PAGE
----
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Music Memos includes a built-in tuner for chromatic pitch notation, accessible by tapping the tuning fork button in the top-right corner. The tuner automatically shows a letter note once it detects sound.

There are already several existing tuner apps on the App Store, including Guitar Tuna andCleartune, but this is a convenient, all-in-one option that songwriters can use to both record musical ideas and tune their guitars.

Exporting and Sharing

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Music Memos snippets, which are 24-bit 44.1kHz audio files, can be saved to iCloud Drive, exported to Logic Pro X and GarageBand for iOS or Mac, or shared directly on Apple Music Connect, SoundCloud, and YouTube. Simply tap on the tray button at the top, expand a recording from the list and tap the share button.

Music Memos is free on the App Store for iPhone, iPad, and iPod touch.

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Google Chrome will soon run much faster thanks to Brotli!

New Google Logo Sept 2015

Chrome is about to load web pages a lot faster than you’ve experienced up until now. A new compression algorithm called Brotli will help making this possible. Google introduced Brotli last September, with it Chrome will be able to compress data up to 26% more than its existing compression engine, Zopfli, which is an impressive jump.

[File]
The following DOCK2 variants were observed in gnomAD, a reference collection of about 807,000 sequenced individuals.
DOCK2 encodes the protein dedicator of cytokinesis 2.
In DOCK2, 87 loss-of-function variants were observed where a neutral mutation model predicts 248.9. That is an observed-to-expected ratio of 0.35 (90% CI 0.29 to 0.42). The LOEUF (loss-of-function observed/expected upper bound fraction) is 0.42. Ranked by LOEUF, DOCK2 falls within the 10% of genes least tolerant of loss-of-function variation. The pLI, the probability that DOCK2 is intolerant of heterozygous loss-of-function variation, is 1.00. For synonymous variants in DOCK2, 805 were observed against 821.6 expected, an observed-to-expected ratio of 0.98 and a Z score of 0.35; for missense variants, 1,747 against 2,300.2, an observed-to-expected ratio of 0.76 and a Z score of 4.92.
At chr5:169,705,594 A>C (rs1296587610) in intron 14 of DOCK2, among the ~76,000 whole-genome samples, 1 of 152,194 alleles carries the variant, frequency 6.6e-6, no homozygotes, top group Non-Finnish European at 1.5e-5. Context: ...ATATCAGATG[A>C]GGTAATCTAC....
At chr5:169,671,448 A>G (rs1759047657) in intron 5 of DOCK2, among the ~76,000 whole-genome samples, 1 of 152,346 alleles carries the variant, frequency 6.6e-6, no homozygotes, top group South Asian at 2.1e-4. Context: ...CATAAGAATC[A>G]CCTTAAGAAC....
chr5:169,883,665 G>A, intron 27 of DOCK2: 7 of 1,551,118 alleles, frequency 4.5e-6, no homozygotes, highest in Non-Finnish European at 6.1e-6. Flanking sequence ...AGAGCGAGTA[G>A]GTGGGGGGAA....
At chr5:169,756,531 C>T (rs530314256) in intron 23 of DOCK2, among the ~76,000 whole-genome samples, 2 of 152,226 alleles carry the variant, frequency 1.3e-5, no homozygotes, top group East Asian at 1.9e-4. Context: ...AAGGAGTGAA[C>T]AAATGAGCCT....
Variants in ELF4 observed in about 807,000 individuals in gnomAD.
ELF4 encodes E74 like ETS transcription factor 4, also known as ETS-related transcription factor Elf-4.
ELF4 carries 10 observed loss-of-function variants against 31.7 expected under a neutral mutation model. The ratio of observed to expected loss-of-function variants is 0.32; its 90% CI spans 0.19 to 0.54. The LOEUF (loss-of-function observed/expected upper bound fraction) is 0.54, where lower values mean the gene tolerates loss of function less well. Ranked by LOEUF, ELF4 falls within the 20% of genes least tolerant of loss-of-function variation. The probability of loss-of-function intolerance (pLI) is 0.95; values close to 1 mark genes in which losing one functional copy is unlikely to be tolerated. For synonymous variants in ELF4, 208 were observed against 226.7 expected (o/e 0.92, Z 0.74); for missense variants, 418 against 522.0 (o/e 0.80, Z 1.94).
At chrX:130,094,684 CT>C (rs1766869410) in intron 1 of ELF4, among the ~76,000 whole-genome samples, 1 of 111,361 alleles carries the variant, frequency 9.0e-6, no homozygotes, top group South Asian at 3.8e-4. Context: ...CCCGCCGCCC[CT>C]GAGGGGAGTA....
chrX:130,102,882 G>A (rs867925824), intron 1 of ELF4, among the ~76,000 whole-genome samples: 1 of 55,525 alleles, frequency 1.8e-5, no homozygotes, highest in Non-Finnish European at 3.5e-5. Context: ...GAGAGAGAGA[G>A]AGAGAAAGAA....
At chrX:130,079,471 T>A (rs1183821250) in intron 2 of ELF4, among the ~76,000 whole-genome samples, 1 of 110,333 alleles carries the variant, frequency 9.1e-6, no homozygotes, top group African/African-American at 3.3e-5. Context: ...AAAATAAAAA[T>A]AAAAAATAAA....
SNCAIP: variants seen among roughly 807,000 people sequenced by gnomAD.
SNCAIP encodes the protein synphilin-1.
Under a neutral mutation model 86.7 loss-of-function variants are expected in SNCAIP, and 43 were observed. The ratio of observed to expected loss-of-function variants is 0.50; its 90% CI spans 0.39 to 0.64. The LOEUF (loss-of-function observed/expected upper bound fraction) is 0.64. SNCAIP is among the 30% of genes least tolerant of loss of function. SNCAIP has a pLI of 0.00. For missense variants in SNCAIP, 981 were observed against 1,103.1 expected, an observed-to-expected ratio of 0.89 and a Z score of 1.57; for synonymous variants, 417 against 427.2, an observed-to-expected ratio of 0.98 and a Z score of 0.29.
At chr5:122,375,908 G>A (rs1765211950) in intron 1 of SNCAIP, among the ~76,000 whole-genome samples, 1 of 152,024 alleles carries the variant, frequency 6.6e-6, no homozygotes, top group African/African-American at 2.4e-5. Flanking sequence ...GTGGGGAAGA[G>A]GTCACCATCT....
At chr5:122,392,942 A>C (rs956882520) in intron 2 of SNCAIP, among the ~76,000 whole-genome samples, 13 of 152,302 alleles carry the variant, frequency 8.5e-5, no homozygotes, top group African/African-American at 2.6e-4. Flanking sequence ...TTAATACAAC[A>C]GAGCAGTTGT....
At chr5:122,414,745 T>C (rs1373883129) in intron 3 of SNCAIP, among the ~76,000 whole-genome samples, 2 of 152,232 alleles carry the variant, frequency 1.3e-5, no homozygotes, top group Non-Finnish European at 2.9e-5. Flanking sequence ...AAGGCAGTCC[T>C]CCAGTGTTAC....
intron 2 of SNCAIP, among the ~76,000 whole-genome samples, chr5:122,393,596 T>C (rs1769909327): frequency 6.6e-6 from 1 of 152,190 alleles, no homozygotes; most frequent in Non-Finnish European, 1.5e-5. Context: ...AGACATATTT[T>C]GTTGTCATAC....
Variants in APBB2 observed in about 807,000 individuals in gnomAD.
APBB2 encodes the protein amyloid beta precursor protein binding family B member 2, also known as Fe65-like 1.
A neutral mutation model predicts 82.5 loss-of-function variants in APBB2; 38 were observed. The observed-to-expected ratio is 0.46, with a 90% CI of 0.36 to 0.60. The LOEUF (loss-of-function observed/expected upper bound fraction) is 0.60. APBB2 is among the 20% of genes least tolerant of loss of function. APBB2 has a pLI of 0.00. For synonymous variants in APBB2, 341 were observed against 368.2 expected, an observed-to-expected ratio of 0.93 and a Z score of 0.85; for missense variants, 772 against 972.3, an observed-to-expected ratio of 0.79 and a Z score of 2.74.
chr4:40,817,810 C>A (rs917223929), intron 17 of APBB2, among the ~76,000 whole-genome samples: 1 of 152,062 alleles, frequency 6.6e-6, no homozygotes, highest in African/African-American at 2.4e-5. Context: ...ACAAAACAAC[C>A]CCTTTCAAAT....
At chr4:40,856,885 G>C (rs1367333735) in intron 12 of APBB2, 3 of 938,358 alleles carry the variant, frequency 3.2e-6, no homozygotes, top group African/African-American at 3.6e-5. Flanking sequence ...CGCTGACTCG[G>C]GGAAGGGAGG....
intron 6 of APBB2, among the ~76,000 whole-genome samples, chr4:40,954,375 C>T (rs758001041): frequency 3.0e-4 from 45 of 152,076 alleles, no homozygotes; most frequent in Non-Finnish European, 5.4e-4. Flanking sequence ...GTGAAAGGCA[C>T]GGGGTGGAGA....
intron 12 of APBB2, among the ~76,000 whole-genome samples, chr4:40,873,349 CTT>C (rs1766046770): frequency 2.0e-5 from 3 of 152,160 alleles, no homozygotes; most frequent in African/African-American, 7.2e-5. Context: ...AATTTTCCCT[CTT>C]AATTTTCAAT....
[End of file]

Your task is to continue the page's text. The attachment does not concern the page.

According to Google’s web performance engineer Ilya Grigorik, Brotli is ready to roll out, so Chrome users should expect to see a bump in load times once the next version of Chrome is released in the coming days or weeks.

Google also says Brotli will help mobile Chrome users experience “lower data transfer fees and reduced battery use.” The company is hailing Brotli as “a new data format” that Google hopes will be adopted by other web browsers in the near future.

Firefox seemingly next in line to adopt it. But for now, expect to notice your web pages loading a bit faster in the coming weeks.

Dual-core iPhone 6s named top performer of 2015, crushing octa-core Android rivals

iPhone 6s and 6s Plus

Raw hardware specs aren’t everything. What’s far more important is how well a phone’s software works with its hardware, as AnTuTu’s new hardware performance rankings demonstrate. The popular benchmarking site has posted its list of the ten best performing smartphones of 2015 and the iPhone 6s absolutely crushes everything in its path despite “only” having a dual-core processor and 2GB of RAM.

Just look at this chart:

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As you can see, the iPhone 6s destroys devices that have octacore processors and 4GB of RAM in AnTuTu’s performance benchmarks. All told, the iPhone 6s’s score is 59% higher than the Galaxy Note 5 and 69% higher than the Nexus 6P. The Huawei Mate 8 comes the closest to matching the iPhone 6s’s performance but even that device is a long way off from Apple’s 2015 flagship phone. In fact, the rankings show that even 2014’s iPhone 6 still performs better than some 2015 Android devices including the OnePlus 2 and the Nexus 6P.

What’s particularly intriguing here is the comparatively poor performance of the Nexus 6P. Unlike other Android devices on the market, the Nexus 6P uses the stock version of Android and features hardware that was designed with Google’s input. It seems strange that it would perform worse than devices that are encumbered by carrier and OEM bloatware like the Galaxy Note 5.